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In one sense, the fairy-tale of Rob Cross – the part-timer who became world champion – pales into relative inconsequence when real-life perspective is added to mere sporting achievement. Quite simply, if sport was governed by the parameters of logic, Mitchells Plain would not necessarily produce professional darts players.

Just five years ago, a study revealed the Cape Flats district to have seen the highest number of serious crimes in the whole country during a yearlong period, with many of the 1.8 million incidents the result of gang violence. There was even talk earlier this year of the country’s army being deployed to tackle the disorder in the community, though this was ultimately rejected.

There is, though, a point to this portrayal of Petersen’s home. It is, in some ways, victory enough that from a community such as his – the type of which swallows up so many into the abyss of systemic gangsterism, Petersen has not just come out the other side, but has done so as a figure of importance with the opportunity to provide a new generation of South Africans with an alternative.

Two years ago, he set up the Last Man Standing competition, which doubles up as the national tour of South Africa. In the next few months, it will become the African Darts Corporation, in association with the PDC.

The circuit already hosts 20 events, with competitions held in each of the four quarters of South Africa. Talk of a foray into Zimbabwe has even been mooted as Petersen looks for company as the continent’s only professional player. The key, he says, is the sport’s accessibility – a bonus that he believes gives him the chance to take the game into areas that could desperately benefit from a level playing field.

“All we want to do is expand the sport,” he explains. “One brilliant way of doing that would be to take darts into the townships. It will take time but we are looking at reaching out to schools first, because that is where the access and focus groups is at its best.

“We are looking to set up a school league in 2020. That’s our launch time because we are desperate to make sure that our foundations are laid correctly so that what we create can remain sustainable and not just a one-hit wonder.

“It’s such an accessible sport, which makes it easy to play and to get involved. It’s not that expensive – you can buy a cheap set of brass darts or even just borrow a set of them. Even a worn-out board will do the trick because nothing changes.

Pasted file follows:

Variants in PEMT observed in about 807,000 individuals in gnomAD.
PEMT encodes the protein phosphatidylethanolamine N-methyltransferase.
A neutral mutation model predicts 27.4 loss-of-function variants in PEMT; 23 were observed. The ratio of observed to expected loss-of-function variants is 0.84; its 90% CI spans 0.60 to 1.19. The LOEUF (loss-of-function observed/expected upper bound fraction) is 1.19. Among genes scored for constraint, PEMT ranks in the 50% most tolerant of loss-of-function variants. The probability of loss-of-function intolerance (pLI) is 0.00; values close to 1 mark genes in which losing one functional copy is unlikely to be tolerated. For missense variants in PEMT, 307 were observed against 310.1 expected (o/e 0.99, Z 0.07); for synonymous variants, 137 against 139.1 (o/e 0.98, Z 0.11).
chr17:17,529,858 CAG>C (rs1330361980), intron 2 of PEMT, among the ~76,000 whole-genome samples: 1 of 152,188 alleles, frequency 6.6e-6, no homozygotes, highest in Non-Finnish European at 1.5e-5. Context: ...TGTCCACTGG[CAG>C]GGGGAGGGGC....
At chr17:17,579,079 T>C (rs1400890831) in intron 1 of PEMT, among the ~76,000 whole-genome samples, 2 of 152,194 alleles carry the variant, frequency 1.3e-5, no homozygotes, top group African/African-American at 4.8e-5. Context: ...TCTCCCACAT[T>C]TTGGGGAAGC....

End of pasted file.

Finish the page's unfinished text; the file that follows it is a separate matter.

“If we look at the aspects of professional sports, the facilities and the regulations change as you progress upwards through the various tiers. But with darts, the sport is literally the measurement of seven feet and nine inches from the oche to the board.

“The height is 1.73 metres from the floor to the board. That is for everyone – no matter your quality, your rank, your professionalism. It is open to everyone and there is nothing to stop you from progressing. Everyone can go from amateur to professional in the blink of an eye if you have the talent.”

When Petersen speaks of his homeland, you would be a fool to ignore him. There is a passion buried in the tone of his voice for the development of the region’s young people. Darts – and sport more generally – has the capacity to change lives. He has witnessed first hand the transformation of his own existence, both as a professional sportsman and as an influential role model to those left behind.

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He cites international cricketer JP Duminy and national team goalkeeper Moeneeb Josephs, the two of whom grew up nearby in similarly difficult areas, as examples of what can be achieved away from the violence.

Special mention, though, is reserved for Benni McCarthy, the former West Ham United and Blackburn Rovers striker, now managing Cape Town City. McCarthy too was brought up in the Cape Flats, in the notorious Hanover Park township – infamous for its unemployment rate and stories of gang violence. His role, representing the city’s major football team as its coach – its united face, is the epitome of what Petersen himself seeks to achieve.

To an external audience, the notion of Petersen – the 60th ranked player on the planet – as a household name is a far-fetched concept. At the same time, however, it is a viewpoint that fails to comprehend both the power of Petersen’s message as Africa’s sole representative in an increasingly global sport, as well as underestimating the sheer weight of exposure that the PDC’s rise has given to its players.

“I think that I do have an opportunity to become hugely influential in sport in South Africa,” he says. “I would never have had this profile and this ability to make a difference if I had chosen to stay in South Africa and settle for being the best player in the continent.

“I think the profile that the PDC allows us to have thanks to the extensive television coverage makes for a better story and gives us a lot more responsibility within our communities that we come from to give back.

“I think with what I have achieved so far in creating the African Darts Corporation, it’s not just a case of the money involved but of the pride at the opportunities that we have given people to achieve things that they would not have had.